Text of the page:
Explore the vast reaches of space and mankind’s continuing efforts to conquer the stars, including theories such as the Big Bang, the International Space Station, plus what the future holds for space travel and exploration.
All those intrepid colonists are going to need a plentiful supply of water, and it turns out that accessing one may not be as hard as we thought.
The apparently random flashes in the sky known as FRBs have resisted being pinned down by astronomers. Until now.
It wasn't quite as loud as you might imagine.
Does the U.S. government have proof there is life from other worlds visiting Earth?
Are we so fixated on finding evidence of aliens that we can't see the forest for the trees?
When our planet was young, it took a beating from an unrelenting storm of planetesimals falling from the skies. Some of that debris meant more gold for the planet.
The question is, how did it get to be so big so fast?
That's one small step for man ... one giant lie to mankind?
It's the first interstellar rock we've ever found!
How galaxies get their shapes and evolve is widely debated.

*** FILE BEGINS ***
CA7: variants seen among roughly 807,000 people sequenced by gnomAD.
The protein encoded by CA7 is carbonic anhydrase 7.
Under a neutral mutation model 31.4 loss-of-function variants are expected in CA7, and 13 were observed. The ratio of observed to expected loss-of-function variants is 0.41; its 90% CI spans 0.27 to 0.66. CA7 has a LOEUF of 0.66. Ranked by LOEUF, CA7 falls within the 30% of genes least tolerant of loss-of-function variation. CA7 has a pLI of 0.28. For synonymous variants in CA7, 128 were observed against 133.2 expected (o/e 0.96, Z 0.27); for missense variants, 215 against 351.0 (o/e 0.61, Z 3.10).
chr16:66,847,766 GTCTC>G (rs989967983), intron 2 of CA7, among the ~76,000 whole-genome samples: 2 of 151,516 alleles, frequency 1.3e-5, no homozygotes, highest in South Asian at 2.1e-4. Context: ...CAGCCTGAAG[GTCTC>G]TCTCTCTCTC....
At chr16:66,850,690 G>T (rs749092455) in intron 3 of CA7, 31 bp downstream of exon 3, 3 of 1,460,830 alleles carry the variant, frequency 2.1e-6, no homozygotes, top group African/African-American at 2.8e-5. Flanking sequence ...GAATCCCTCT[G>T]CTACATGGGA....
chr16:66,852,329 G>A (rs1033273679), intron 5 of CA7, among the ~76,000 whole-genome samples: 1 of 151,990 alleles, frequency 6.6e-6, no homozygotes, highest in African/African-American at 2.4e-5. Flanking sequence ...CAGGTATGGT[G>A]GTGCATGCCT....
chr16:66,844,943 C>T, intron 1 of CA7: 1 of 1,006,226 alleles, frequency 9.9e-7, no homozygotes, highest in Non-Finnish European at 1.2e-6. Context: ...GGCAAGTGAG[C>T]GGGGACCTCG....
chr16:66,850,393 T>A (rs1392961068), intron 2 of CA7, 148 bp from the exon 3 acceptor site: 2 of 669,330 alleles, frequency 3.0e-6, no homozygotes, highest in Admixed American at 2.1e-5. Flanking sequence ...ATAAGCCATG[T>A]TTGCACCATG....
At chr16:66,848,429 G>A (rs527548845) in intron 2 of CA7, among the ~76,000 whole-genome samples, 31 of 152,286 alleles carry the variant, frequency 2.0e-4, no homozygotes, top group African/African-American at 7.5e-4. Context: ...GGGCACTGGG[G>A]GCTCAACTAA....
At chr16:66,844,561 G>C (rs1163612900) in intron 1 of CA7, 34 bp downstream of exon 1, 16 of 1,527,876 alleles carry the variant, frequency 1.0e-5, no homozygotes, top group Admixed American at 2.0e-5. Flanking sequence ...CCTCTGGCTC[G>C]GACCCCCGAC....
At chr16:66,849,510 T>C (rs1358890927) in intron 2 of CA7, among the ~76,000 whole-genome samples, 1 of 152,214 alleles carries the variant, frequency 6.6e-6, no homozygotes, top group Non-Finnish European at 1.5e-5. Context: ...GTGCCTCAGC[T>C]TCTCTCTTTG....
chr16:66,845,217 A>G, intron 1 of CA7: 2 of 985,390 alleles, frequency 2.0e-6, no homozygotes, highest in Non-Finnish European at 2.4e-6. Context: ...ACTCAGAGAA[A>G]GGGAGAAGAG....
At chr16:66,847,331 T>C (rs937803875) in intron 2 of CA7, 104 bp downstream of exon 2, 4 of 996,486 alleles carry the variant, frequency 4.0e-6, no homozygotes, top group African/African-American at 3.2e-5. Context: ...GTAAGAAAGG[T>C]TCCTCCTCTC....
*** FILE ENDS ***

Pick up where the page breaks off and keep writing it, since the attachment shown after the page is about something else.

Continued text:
When fully operational in 2018, the Zwicky Transient Facility robotic camera will usher in the era of big data astronomy.
Stuff They Don't Want You To Know talks to investigative filmmaker Jeremy Corbell about his alien abduction documentaries.
This isn't your run-of-the-mill supernova.
And it's just a galactic hop, skip and a jump away.
Neither massive planets nor tiny stars, brown dwarfs are entirely different substellar curiosities that possess qualities of both.
What if natural selection is at work not only on our planet but on other habitable planets?
The very existence of this planetary heavyweight is puzzling astronomers.
Despite increased production, a potential shortage of plutonium-238 fuel could jeopardize NASA's distant missions.
When you think of NASA, you probably think of an all-around professional organization. And you're right. But, those astronauts like to have a lot of fun, too.
Things are getting a little more interesting out in Pluto's neighborhood.
Get ready for the most powerful electromagnetic explosion the universe has ever known.
Scientists are calling the collision they detected the "gift that will keep on giving."
Ripples in space-time traveled 1.8 billion light-years to wash through our planet on Aug. 14. And this time not two but three detectors picked them up.
It turns out that not all supermassive black holes are devouring matter at the same breakneck pace.
Now that Cassini has met its end by plunging into Saturn, it's time to reflect on what we've learned over the decades.